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Lucky was the first horse to be saved under the Big Hoof Foundation and will always hold a special place in our hearts.

We found Lucky through a Facebook connection, Last Chance Direct Ship Horses.  

On Friday March 17th, we came across the below post for a gelding horse that was scheduled to ship on the next slaughter truck to Mexico. The reason this horse stood out to me was because he has suffered horrible abuse and his right eye has been poked out! I started networking to see if someone was going to take the horse and as of 3:30pm on Friday no one had paid for him. I was not going to let this horse end up at slaughter so I paid his bail and we rescued him. There were groups on the post that said they would pick him up but he was not paid for...therefore he was not safe! We scheduled transport for the following Tuesday and made arrangements with our vets office to bring him there on our way home from Kemp, TX. From the pictures our vet thought his eye need to be removed but she would not be able to tell for sure until she saw him in person.


At that moment, we knew we had to announce the Big Hoof Foundation to raise the needed funds to rescue him. With all your generosity, support and kindness we raised enough money for Lucky's rescue, transport and medical care. We could not have rescued this horse and gotten him the medical attention he needed without your support. From the bottom of our hearts, THANK YOU!


On Tuesday, March 21st, Cory and I drove 6 hours to Kemp, TX to pick Lucky up and we drove him straight to the vets office to get the medical attention he needed. When we arrived to pick him up he was covered in mud and my heart shattered to see the condition he was really in. Lucky had endured so much pain that he did not deserve.

Upon arrival at Claude Veterinary Hospital, Dr. Amber examined his eye and found that his eye was no longer in tact. She suspected Lucky might have cancer because of the way his eye looked. She gave him lots of pain medications along with anti-inflammatories and a large dose of Penicillian because his eye was definatly infected. The next day she performed a biopsy to find out what we were dealing with.  


Dr. Amber did X-rays and took a biopsy of his eye and a biopsy of a spot on the side of his head because it also looked abnormal. We received a partial report of the biopsy results and the spot on the back of his head did confirm he had cancer. With the results coming back positive for cancer we reached out to our other veterinarian, Dr. Waggoner at Mobile Veterinary Practice (MVP) to see if she could help with Lucky's diagnosis as this type of treatment was out of Dr. Amber’s wheelhouse.


We had an appointment on Monday (March 28th) with Dr. Waggoner who consulted with Dr. Brown at Texas Tech University School of Veterinary Medicine, who specializes in equine surgery, and they formed a plan to remove the tumor from Lucky's eye. The full biopsy results came back and it confirmed the cancer was in the location where his right eye used to be and the other on his head over a lymph node.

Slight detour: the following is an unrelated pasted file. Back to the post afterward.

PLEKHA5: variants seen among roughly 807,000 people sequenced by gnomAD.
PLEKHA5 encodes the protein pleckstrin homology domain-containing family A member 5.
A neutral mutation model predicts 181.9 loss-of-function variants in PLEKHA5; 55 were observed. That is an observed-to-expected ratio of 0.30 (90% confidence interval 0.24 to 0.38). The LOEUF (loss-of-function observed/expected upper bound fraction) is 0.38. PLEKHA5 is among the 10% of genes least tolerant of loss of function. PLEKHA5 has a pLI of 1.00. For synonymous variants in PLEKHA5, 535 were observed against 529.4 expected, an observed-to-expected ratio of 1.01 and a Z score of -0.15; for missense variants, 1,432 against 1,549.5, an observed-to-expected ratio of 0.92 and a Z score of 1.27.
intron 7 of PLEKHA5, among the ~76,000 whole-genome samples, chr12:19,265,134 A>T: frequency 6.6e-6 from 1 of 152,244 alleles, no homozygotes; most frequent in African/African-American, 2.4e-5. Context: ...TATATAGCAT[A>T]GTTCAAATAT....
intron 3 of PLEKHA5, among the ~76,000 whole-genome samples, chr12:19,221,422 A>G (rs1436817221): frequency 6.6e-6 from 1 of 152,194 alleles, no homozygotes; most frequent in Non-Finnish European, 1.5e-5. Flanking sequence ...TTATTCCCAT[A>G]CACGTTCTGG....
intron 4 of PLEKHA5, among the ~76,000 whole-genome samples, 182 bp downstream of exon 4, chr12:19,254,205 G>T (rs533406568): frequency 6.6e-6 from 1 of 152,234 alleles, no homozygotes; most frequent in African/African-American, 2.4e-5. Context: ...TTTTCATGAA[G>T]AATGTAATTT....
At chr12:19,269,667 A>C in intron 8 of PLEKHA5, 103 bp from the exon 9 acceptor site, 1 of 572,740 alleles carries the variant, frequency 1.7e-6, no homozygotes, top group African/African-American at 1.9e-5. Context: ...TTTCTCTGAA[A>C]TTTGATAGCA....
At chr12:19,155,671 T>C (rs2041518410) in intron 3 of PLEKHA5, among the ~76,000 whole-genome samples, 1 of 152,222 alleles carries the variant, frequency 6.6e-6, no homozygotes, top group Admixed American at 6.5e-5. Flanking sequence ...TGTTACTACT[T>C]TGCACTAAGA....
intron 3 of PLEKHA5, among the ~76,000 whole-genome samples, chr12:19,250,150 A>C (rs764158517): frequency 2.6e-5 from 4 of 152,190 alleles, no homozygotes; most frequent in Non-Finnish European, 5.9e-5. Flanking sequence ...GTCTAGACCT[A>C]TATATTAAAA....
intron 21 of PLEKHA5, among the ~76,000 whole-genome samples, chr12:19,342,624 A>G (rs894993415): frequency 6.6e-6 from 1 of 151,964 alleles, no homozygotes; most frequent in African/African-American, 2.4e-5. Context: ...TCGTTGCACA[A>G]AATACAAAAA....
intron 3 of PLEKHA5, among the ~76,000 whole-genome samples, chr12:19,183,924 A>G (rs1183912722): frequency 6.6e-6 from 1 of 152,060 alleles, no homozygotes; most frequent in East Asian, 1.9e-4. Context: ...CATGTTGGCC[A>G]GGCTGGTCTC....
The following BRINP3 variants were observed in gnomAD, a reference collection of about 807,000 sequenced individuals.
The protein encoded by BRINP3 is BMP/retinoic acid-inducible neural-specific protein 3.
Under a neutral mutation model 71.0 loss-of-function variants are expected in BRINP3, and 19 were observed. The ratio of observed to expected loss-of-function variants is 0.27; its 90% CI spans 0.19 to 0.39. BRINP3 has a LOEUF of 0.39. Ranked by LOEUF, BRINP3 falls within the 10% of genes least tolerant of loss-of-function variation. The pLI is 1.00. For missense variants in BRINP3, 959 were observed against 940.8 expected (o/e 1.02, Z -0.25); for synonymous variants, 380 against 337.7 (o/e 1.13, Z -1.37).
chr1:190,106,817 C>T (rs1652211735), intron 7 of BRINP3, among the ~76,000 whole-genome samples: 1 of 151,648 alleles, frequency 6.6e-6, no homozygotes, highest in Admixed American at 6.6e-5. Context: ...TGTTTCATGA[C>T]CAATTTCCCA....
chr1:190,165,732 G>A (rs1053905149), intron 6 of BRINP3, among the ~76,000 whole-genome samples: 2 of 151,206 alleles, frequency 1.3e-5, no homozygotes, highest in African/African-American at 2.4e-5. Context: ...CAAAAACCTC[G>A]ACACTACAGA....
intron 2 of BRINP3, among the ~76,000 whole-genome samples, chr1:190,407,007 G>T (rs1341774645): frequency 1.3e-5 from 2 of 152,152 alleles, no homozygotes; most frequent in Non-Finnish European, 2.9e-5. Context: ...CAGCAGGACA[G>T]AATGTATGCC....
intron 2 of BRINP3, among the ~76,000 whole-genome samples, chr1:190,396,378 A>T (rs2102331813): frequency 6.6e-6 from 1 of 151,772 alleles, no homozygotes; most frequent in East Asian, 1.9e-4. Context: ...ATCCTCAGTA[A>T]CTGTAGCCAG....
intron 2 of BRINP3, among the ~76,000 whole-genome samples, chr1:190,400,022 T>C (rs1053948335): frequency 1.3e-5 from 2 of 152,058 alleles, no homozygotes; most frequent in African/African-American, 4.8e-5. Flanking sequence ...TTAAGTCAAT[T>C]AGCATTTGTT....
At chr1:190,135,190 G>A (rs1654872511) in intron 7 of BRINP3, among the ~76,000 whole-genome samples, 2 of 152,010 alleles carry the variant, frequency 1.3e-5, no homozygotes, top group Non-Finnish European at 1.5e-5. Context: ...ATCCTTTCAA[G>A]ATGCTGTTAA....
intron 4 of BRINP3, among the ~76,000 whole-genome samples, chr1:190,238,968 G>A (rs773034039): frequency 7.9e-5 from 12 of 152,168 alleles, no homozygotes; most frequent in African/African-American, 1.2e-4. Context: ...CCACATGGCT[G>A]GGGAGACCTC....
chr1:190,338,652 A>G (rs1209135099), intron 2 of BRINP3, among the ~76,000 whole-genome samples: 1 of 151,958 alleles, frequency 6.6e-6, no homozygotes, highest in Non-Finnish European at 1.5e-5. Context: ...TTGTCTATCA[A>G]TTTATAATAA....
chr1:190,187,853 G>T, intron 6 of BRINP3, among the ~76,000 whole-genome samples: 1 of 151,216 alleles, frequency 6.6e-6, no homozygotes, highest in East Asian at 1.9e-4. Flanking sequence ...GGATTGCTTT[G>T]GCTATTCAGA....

He was scheduled for surgery on April 6th. Since the surgery was a week away we decided to bring Lucky home so we would have time to get to know him and bond with him. He did so well at the farm. He ate hay and alpha pro, enjoyed belly scratches, brushies and loved all of the attention he was getting. Lucky was the definition of a gentle giant!​


On April 6, 2023, we went in for Lucky’s surgery. Unfortunately, Lucky's cancer had spread to his lymph system and Dr. Brown found two additional tumors during his exam. The one tumor that Dr. Brown had found was in his outer guttural pouch and was determined to be inoperable. I stayed for the surgery and even under heavy sedation he would not let the surgical team touch his eye or the area surrounding it. Lucky had been in pain for quite some time, his strength and resilience hid what he was actually feeling. Dr. Brown also said that the tumor had ruptured his eye globe at some point before we could rescue him. Lucky's cancer was too far past a curable stage and he was in pain. In Lucky's best interest we made the difficult decision, along with Dr. Brown and Dr Waggoner's advice, to help him find peace even though saying goodbye was not easy. We are all heartbroken for the loss of Lucky, but we know he felt love and was given the best possible care he could have received in his last few weeks. 


Because part of our mission is education and learning how to better care for these incredible animals, we allowed Dr. Brown and his team at Texas Tech University School of Veterinary Medicine to further analyze Lucky’s cancer and how his disease progressed. This work will contribute to research on equine cancer and will hopefully one day help cure other horses of this terrible disease. 


Lucky was the sweetest boy and we will have you in our heart forever, your memory will reside with us everyday for the rest of our time. It is hard to convey across a phone or TV screen the knowledge and energy share that occurs with these beautiful creatures. We are blessed people to share this with all our Belgians even when that share is cut short by circumstances we don't understand. Run free sweet boy! WE love you always!


Lucky's entire journey was documented on our farms YouTube channel. These videos capture Lucky's time with us and you can see just how much he was loved in his last days.

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